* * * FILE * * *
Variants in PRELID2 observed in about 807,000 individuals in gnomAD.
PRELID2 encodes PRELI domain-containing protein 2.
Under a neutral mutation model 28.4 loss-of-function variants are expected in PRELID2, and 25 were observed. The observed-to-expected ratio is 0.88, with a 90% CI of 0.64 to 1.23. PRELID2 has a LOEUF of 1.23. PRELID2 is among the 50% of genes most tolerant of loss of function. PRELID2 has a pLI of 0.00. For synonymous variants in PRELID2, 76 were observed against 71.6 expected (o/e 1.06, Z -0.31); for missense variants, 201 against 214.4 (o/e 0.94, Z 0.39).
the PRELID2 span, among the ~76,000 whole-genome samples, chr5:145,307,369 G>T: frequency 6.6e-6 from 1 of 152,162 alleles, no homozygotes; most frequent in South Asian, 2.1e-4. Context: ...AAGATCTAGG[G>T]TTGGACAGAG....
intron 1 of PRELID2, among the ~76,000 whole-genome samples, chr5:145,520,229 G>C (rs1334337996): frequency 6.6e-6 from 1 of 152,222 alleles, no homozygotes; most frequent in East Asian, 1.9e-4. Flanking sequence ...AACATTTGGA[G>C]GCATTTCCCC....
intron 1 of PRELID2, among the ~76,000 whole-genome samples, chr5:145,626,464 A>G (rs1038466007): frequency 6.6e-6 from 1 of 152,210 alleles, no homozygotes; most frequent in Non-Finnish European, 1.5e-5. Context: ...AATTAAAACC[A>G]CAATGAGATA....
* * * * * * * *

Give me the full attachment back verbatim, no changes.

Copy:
Variants in PRELID2 observed in about 807,000 individuals in gnomAD.
PRELID2 encodes PRELI domain-containing protein 2.
Under a neutral mutation model 28.4 loss-of-function variants are expected in PRELID2, and 25 were observed. The observed-to-expected ratio is 0.88, with a 90% CI of 0.64 to 1.23. PRELID2 has a LOEUF of 1.23. PRELID2 is among the 50% of genes most tolerant of loss of function. PRELID2 has a pLI of 0.00. For synonymous variants in PRELID2, 76 were observed against 71.6 expected (o/e 1.06, Z -0.31); for missense variants, 201 against 214.4 (o/e 0.94, Z 0.39).
the PRELID2 span, among the ~76,000 whole-genome samples, chr5:145,307,369 G>T: frequency 6.6e-6 from 1 of 152,162 alleles, no homozygotes; most frequent in South Asian, 2.1e-4. Context: ...AAGATCTAGG[G>T]TTGGACAGAG....
intron 1 of PRELID2, among the ~76,000 whole-genome samples, chr5:145,520,229 G>C (rs1334337996): frequency 6.6e-6 from 1 of 152,222 alleles, no homozygotes; most frequent in East Asian, 1.9e-4. Flanking sequence ...AACATTTGGA[G>C]GCATTTCCCC....
intron 1 of PRELID2, among the ~76,000 whole-genome samples, chr5:145,626,464 A>G (rs1038466007): frequency 6.6e-6 from 1 of 152,210 alleles, no homozygotes; most frequent in Non-Finnish European, 1.5e-5. Context: ...AATTAAAACC[A>G]CAATGAGATA....